It's a good thing that Mom is not the theatre critic for the local news paper. Mom and her girlfriends have had season tickets to the local summer theatre for the last six, maybe ten, years. It is always a festive occasion. She looks forward to the shows from when she buys her tickets in April. Their tickets are always for opening night, when there is an elegant reception of sparkling wine and nibbles.
For at least the past two years, that I've noticed, she has not enjoyed the performances. She can't tell me about the play, she can't tell me what the story was about.
She complains about all sorts of things: the show started too late, it ran too late, she got home too late, it's too cold in the theatre, the theatre is too far away, she fell asleep, the play only had two actors, people were pushy, and the actors all spoke funny. She complains that the actresses wore those old fashioned long dresses when it's July and much too hot, they should know better.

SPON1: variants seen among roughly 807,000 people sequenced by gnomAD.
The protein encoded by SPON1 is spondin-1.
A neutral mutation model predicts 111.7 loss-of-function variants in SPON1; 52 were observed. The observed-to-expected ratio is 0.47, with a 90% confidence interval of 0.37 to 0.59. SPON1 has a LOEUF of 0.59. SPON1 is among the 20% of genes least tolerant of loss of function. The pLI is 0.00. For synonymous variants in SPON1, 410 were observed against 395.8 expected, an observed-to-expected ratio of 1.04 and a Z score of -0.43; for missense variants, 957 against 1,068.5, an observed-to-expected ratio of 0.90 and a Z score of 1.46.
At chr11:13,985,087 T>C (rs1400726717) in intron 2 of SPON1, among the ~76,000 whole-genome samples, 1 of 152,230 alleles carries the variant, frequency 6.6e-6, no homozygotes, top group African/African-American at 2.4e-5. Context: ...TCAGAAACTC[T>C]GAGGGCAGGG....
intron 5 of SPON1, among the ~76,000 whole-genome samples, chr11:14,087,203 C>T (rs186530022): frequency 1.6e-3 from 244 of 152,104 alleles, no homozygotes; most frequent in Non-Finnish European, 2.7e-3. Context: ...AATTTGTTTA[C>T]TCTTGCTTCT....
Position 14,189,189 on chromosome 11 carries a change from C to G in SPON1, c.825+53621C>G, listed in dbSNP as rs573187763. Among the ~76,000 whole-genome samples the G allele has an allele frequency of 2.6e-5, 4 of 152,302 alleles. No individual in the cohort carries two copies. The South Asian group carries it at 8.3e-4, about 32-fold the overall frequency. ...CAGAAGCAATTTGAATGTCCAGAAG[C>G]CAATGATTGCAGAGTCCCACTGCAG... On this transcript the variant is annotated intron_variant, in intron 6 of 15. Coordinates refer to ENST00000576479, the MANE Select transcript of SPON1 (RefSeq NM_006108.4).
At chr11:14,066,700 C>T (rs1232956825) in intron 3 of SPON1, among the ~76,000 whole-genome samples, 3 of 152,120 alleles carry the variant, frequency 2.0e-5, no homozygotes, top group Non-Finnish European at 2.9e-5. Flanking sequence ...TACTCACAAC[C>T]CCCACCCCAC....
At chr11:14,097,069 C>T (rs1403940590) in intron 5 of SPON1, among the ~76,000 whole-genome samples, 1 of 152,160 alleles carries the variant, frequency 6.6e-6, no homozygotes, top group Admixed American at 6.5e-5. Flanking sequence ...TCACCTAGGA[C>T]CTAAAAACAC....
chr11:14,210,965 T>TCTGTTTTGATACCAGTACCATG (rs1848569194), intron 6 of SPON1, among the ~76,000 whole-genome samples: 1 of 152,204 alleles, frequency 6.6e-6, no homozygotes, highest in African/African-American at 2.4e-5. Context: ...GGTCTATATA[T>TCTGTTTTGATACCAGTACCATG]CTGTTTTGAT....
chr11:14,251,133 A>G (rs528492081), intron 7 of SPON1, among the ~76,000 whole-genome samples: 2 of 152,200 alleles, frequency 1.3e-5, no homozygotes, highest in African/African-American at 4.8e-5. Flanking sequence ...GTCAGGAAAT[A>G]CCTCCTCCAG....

She can't follow the story. She can't remember what I said five minutes ago, how is she going to remember a cast of characters and follow their conversation. She no longer understands satire. She no longer gets political humor. She can't follow along with banter and innuendo. She once enjoyed the performances - now it's all over her head.
I asked her this spring if she wanted to add a ticket for the youth summer theatre performance of Charlotte's Web, as it was one of her favorite stories that she read to her second graders. "No, no, there will be too many kids running around." What a grouchy response from a former teacher.
But it's right in line with her only response to a movie we saw together last summer, "at least there weren't kids running around the theatre, yelling and throwing popcorn." But, Mom, did you like the movie?